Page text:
Kentucky Warbler (Oporornis formosus)

Photo by Dennis Malueg Kentucky Warbler by Dennis MaluegKentucky Warbler distribution map


Population Information

Federal BBS information can be obtained at by clicking on Trend Estimates and selecting the species in question. All estimates are for 1966-2005.

Life History

Habitat Selection

The Kentucky Warbler inhabits bottomland hardwoods and riparian woodlands with a dense understory (McDonald 1998). In Wisconsin, it occurs in southern upland hardwood forests comprised of sugar maple, basswood, and beech trees (Cutright 2006) and heavily wooded bottomlands (Robbins 1991). Here it is found most commonly along ravines and hillsides associated with smaller tributary streams. In the Baraboo Hills, Mossman and Lange (1982) found it in shrubby openings and forest edges. Edges, however, are less preferred than forest interiors throughout its range (McDonald 1998). Riparian width and overall patch size are important factors in habitat selection. Peak and Thompson (2006) found higher densities of Kentucky Warblers in wide (400-530 m) forested-riparian areas compared to narrow (55-95 m) forested-riparian areas of northeastern Missouri. Minimum patch size requirements in Wisconsin are not well-studied.

Although it is often considered an area-sensitive, forest-interior species, the Kentucky Warbler will nest in a variety of forest types as long as a dense ground-layer is present (Morse and Robinson 1999). Nests are placed on the ground, typically well concealed under low shrubbery, and sites may be used annually by the same individuals (Wetmore et al. 1984, McDonald 1998). 

Habitat Availability

Wisconsin is on the extreme northern edge of the range of the Kentucky Warbler (McDonald 1998). It occurs throughout much of the Wisconsin River drainage system in southwest Wisconsin (Mossman and Lange 1982) with breeding confirmed in Grant, Sauk, Vernon, and La Crosse counties (Cutright 2006). Loss and fragmentation of forests south of the tension zone has reduced the amount of suitable habitat available for this species. Invasive plant species may be impacting remnants of suitable habitat by inhibiting regeneration (WDNR 2005).

Population Concerns

Breeding Bird Survey data suggest a significant annual decline range-wide for this species (Sauer et al. 2005). Population trends in Wisconsin are unknown because of the Kentucky Warbler’s rarity in the state. This species is rarely recorded on either the Wisconsin Breeding Bird Surveys or the Wisconsin Checklist Project (Temple et al. 1997, Sauer et al. 2005). Thus, intensive, targeted survey efforts will be necessary to obtain better population data. Wisconsin Breeding Bird Atlas observers confirmed breeding on less than 1% of the surveyed quads (Cutright 2006).

Several factors may contribute to the vulnerability of the state’s Kentucky Warbler population. Wisconsin is far from the Kentucky Warbler’s core distribution and population, thus it is unlikely to ever be common in southern Wisconsin. Forest fragmentation and subsequent Brown-headed Cowbird parasitism are significant concerns. Robinson et al. (1995) found that highly fragmented forests in five Midwestern states were population sinks because of high levels of Brown-headed Cowbird parasitism. Forest fragmentation and the increasing number of housing developments in Wisconsin woodlands also may increase exposure of this ground-nesting warbler to nest predators, particularly cats. Finally, deforestation on the wintering grounds, particularly in regions with mature forests, also is a concern (McDonald 1998).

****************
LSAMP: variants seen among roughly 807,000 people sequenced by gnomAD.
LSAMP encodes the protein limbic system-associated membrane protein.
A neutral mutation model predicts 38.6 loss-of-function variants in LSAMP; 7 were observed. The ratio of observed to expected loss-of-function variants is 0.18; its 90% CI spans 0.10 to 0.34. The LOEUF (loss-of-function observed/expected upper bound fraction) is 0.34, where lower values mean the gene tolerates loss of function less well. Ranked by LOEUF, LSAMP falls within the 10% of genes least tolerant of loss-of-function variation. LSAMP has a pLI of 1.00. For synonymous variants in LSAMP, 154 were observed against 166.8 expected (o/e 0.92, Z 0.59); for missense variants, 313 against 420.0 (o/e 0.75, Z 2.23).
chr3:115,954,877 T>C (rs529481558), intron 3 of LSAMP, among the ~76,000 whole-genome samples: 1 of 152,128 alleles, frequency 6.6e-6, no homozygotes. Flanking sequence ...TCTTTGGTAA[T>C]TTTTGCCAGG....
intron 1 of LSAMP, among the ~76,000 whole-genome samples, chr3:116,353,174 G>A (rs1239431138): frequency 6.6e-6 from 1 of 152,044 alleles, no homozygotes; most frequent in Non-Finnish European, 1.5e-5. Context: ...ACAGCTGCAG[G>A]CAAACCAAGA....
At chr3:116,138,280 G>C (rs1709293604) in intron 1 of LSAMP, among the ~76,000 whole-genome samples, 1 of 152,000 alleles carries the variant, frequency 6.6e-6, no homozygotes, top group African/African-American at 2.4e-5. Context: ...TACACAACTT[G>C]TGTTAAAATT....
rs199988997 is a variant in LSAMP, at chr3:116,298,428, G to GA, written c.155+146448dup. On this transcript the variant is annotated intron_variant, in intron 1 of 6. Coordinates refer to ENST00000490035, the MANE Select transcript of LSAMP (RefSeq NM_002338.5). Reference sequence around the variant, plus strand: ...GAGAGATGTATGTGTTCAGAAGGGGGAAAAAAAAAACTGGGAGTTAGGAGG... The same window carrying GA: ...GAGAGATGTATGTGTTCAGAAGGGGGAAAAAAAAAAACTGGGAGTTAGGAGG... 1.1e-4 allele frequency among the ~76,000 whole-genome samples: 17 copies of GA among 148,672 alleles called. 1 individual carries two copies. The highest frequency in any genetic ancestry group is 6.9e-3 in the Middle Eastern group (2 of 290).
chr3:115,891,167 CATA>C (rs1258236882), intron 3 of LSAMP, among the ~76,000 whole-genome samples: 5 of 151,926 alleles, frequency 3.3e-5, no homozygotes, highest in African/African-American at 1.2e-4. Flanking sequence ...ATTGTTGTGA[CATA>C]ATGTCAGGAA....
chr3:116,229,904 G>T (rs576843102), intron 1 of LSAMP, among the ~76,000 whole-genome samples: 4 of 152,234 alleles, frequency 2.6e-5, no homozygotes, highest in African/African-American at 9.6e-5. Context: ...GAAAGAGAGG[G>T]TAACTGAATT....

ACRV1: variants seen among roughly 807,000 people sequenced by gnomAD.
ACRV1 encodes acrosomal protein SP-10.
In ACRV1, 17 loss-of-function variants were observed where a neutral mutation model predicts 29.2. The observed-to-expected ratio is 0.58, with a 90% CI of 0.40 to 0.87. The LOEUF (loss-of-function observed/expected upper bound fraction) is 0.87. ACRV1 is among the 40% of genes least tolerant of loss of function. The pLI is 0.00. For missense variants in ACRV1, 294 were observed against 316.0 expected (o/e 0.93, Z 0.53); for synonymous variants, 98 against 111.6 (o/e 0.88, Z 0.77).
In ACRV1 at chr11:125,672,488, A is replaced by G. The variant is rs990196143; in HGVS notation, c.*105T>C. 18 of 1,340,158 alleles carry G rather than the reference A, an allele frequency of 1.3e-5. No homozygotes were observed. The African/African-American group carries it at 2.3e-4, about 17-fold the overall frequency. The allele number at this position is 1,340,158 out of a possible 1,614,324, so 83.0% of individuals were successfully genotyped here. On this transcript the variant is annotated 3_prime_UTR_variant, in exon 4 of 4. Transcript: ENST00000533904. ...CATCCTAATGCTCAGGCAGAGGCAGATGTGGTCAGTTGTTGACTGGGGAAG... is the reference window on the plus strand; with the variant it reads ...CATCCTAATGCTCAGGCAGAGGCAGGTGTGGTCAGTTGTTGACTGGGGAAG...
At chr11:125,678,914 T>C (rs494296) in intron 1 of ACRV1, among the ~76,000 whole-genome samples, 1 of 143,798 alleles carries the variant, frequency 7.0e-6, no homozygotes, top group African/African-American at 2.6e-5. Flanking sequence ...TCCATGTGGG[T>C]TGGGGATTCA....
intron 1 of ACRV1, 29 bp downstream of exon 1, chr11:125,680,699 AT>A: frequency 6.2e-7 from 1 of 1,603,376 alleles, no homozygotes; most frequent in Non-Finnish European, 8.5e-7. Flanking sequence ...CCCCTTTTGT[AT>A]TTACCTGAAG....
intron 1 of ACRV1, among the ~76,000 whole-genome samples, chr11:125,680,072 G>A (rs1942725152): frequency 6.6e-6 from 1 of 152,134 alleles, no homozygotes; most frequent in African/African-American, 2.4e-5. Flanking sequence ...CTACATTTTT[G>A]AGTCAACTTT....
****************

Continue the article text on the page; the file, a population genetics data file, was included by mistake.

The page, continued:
Recommended Management

Management efforts for this species should focus on reducing forest fragmentation in the southwestern counties and along the major river systems of southern Wisconsin. Managers should consider leaving core areas of mature forest far (>1 km) from potential Brown-headed Cowbird foraging sites to improve nesting success for Kentucky Warblers and other forest-interior species (Morse and Robinson 1999). Furthermore, managers should retain forested-riparian areas 400 m in width, and when possible, increase the width of all forested-riparian areas. The addition of grassland-shrub buffer strips adjacent to forested-riparian areas may be one tool to increase riparian width (Peak and Thompson 2006). Because overbrowsing by white-tailed deer may eliminate forest understory and degrade otherwise suitable habitat for Kentucky Warblers (Robbins et al. 1986), managers may need to consider reducing deer densities in designated conservation areas for this species. Kentucky Warblers are tolerant of selective logging practices, as long as a dense understory and abundant shrubs are allowed to develop (McDonald 1998, Robinson and Robinson 2001).

Conservation and management strategies for this species should be focused in the following ecological landscapes: Southeast Glacial Plains and Western Coulee and Ridges (WDNR 2005). Within these landscapes, key conservation sites include Wyalusing Park State Natural Area and the Baraboo Hills region (Mossman and Hoffman 1989).  

Research Needs

More information is needed on the distribution and population trend of this species in Wisconsin. Long-term monitoring of the Kentucky Warbler should be focused in southwest Wisconsin, along the Wisconsin River, and in the Baraboo Hills. More research on breeding habitat requirements, including minimum area requirements, would help future management efforts. Habitat use during migration also needs more study. Finally, much biological and ecological information is needed from wintering sites (McDonald 1998).

Information Sources


Contact Information

Kreitinger, K., Y. Steele and A. Paulios, editors. 2013.
The Wisconsin All-bird Conservation Plan, Version 2.0. Wisconsin Bird Conservation Initiative.
Wisconsin Department of Natural Resources. Madison, WI.

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